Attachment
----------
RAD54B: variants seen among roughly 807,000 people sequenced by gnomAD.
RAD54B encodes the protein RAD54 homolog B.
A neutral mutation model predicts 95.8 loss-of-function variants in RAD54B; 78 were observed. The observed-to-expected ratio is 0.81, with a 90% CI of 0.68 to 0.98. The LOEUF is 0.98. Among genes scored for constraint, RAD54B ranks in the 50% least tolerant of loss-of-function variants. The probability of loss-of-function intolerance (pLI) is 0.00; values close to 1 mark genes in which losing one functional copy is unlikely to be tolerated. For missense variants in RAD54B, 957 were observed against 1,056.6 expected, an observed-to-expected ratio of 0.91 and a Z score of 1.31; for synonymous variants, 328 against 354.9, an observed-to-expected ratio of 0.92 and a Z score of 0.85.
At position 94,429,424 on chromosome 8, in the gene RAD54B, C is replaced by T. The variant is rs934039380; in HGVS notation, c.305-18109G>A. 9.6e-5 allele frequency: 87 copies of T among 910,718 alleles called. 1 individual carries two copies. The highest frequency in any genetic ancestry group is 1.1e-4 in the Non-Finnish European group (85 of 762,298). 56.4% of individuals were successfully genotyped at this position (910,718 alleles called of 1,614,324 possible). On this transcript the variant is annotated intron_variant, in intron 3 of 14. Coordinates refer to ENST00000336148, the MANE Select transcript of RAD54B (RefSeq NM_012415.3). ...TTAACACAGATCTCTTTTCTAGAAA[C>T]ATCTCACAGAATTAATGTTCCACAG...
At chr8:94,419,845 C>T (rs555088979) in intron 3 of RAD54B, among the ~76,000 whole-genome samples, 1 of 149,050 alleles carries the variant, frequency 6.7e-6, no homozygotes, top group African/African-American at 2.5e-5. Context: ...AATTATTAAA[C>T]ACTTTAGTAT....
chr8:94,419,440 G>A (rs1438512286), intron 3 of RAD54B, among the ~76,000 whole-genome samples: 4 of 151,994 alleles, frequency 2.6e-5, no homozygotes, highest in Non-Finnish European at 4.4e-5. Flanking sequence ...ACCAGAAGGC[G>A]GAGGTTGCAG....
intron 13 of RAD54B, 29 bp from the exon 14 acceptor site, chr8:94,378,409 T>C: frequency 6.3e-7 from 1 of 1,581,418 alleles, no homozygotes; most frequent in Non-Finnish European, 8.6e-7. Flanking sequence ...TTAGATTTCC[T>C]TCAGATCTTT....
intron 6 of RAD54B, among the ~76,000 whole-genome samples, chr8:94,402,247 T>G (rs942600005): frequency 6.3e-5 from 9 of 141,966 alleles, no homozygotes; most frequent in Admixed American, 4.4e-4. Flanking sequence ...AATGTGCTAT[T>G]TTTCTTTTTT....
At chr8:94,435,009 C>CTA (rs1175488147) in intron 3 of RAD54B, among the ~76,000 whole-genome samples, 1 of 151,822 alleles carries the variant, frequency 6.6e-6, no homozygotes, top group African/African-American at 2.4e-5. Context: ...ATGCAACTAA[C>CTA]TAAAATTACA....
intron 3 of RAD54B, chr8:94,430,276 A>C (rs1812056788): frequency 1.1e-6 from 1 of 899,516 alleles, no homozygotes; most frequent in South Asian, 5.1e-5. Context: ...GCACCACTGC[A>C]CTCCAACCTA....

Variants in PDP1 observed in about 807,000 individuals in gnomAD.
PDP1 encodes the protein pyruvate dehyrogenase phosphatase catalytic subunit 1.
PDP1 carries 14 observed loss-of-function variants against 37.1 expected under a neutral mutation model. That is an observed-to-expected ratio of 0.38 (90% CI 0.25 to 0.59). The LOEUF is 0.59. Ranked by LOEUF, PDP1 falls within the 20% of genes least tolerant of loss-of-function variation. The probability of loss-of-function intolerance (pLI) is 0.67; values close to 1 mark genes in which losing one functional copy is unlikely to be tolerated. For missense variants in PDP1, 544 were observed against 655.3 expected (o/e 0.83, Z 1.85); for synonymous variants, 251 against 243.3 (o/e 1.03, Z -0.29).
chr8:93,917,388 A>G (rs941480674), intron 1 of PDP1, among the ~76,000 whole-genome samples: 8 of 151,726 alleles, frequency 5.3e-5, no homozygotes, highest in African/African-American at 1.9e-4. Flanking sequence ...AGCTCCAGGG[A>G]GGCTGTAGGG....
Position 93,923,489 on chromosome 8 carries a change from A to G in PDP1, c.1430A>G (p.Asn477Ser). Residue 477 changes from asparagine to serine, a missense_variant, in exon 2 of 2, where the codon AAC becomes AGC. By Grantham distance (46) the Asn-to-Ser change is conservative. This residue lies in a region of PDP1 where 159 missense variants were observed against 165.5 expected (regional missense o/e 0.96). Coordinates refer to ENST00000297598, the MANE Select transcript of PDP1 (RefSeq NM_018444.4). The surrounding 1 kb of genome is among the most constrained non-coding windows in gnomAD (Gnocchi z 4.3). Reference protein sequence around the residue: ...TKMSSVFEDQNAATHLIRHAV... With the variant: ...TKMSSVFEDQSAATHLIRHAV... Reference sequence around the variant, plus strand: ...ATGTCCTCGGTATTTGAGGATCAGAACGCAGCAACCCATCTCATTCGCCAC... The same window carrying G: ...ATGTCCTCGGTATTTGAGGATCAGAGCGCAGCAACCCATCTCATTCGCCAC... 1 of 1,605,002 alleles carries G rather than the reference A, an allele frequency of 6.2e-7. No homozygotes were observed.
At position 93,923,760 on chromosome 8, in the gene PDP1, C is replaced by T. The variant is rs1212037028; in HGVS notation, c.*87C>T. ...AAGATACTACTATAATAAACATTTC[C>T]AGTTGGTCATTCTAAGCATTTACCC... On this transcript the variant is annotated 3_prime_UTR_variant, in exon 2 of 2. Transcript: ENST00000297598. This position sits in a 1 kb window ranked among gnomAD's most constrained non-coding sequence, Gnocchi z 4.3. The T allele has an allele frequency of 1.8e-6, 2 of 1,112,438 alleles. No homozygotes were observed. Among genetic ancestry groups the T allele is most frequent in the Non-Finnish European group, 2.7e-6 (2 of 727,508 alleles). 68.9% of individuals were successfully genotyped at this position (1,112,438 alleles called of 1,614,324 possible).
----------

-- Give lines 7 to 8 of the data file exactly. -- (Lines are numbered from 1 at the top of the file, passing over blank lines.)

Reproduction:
intron 13 of RAD54B, 29 bp from the exon 14 acceptor site, chr8:94,378,409 T>C: frequency 6.3e-7 from 1 of 1,581,418 alleles, no homozygotes; most frequent in Non-Finnish European, 8.6e-7. Flanking sequence ...TTAGATTTCC[T>C]TCAGATCTTT....
intron 6 of RAD54B, among the ~76,000 whole-genome samples, chr8:94,402,247 T>G (rs942600005): frequency 6.3e-5 from 9 of 141,966 alleles, no homozygotes; most frequent in Admixed American, 4.4e-4. Flanking sequence ...AATGTGCTAT[T>G]TTTCTTTTTT....